Just When You Thought It Was Safe: 3 Potential Obstacles to Health-Care Reform
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It was high drama for a Saturday in the U.S. Capitol Building -- at least what counts for high drama in the Senate. Would Majority Leader Harry Reid be able to deliver every single senator in his caucus for a vote that would allow his historic health-care bill to move to the floor for debate? In the end, Reid won that victory, with caveats from a handful of reluctant senators. Hundreds of millions in Medicaid funds were handed to Sen. Mary Landrieu, D-La., for the very poorest of her state’s poor in exchange for her vote (a move Capitol Hill staffers dubbed the “ Louisiana Purchase”).
The fate of national health-care reform rests on Reid’s ability to repeat his 60-vote feat in order to close debate and bring the bill to a final vote, and there’s no guarantee that he can. In fact, it’s looking a little dicey. But even among veteran Congress-watchers, there’s no consensus on whether or not Reid will succeed in the end. To do so, the majority leader will need to negotiate three points of contention.
The Public Option
The suspense leading up to the vote ended when Sen. Blanche Lincoln, D-Ark., the lone Democratic hold-out, took to the Senate floor to announce that she would not join a Republican filibuster that would keep the bill from moving forward. But, Lincoln promised, she would not vote for a final bill that contains a public health-insurance plan. That may simply mean that she allows the bill to come to the floor but votes against it, knowing that Reid needs only 51 to win the bill after he clears the final procedural hurdle.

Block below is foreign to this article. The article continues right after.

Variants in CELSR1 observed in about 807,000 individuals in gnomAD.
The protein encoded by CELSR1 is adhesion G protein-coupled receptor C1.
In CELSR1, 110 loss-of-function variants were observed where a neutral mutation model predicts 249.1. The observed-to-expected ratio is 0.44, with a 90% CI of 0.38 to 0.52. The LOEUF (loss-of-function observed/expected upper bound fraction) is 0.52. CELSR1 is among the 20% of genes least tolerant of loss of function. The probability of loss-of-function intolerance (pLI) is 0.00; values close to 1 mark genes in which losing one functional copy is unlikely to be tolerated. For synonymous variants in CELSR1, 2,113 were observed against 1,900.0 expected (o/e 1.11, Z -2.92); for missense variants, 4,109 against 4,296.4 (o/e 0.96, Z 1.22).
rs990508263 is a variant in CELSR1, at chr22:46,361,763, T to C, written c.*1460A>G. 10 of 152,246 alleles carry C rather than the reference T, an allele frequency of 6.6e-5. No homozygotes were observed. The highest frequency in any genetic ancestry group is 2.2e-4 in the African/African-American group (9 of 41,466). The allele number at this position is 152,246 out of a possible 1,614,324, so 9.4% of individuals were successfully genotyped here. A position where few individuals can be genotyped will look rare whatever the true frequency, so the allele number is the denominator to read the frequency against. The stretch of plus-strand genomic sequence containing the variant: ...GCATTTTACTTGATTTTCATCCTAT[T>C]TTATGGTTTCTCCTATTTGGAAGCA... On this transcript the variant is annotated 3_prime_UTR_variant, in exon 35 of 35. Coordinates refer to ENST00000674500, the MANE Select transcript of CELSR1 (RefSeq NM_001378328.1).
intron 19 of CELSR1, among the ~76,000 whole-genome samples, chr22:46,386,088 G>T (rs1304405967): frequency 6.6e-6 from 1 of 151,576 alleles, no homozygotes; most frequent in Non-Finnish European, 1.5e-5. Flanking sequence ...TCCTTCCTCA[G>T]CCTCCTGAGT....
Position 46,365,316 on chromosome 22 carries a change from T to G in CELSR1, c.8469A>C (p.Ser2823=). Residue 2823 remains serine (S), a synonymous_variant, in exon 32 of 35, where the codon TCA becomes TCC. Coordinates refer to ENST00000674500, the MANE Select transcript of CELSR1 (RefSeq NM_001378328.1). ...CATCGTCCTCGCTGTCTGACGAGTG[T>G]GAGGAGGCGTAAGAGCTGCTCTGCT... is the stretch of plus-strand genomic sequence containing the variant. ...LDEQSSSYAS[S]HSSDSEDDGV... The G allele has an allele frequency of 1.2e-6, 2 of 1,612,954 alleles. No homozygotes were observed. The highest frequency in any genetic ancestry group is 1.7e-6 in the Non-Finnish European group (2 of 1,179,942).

But Sen. Joe Lieberman, I-Conn., has promised to keep the bill from coming to the floor if it contains a public option of any kind, so that means Reid may have to find a way to lure Sen. Olympia Snow, the Republican from Maine, into keeping a filibuster away from his bill, and that would likely require a dramatic change to the public option as currently configured -- perhaps requiring states to “opt in” or setting some sort of trigger mechanism that would activate a public insurance plan only if insurance companies fail to meet benchmarks for cost containment. Sen. Ben Nelson, D-Neb., has made a similar threat.
Nelson of Nebraska has also threatened to filibuster any bill that does not include the unprecedented anti-abortion measures called for by the Stupak language attached to the bill passed by the House a week ago. Nelson is associated with the right-wing religious group known as The Family, to which Rep. Bart Stupak, D-Mich., the congressman who sponsored the anti-abortion amendment to the House bill, also belongs.
Stupak spent the last week setting himself up to be some sort of a broker of an abortion-language deal, appearing on both Fox News, where he promised to take a hard line during any future negotiations between members of the House and Senate in a conference committee, and on MSNBC's Hardball, where he seemed to be playing good cop. (The Stupak language goes far beyond current law, which simply forbids the use of federal dollars for abortion procedures -- a measure known as the Hyde amendment. Stupak's amendment essentially bars insurance companies from offering abortion coverage in polices offered to women receiving a subsidy for the purchase of insurance through a federally administered health-care exchange, even if the purchaser is buying that part of the coverage with her own dollars.) Stupak told Hardball host Chris Matthews that he might accept a compromise that would forbid private insurers who currently include abortion coverage in their policies from dropping such coverage.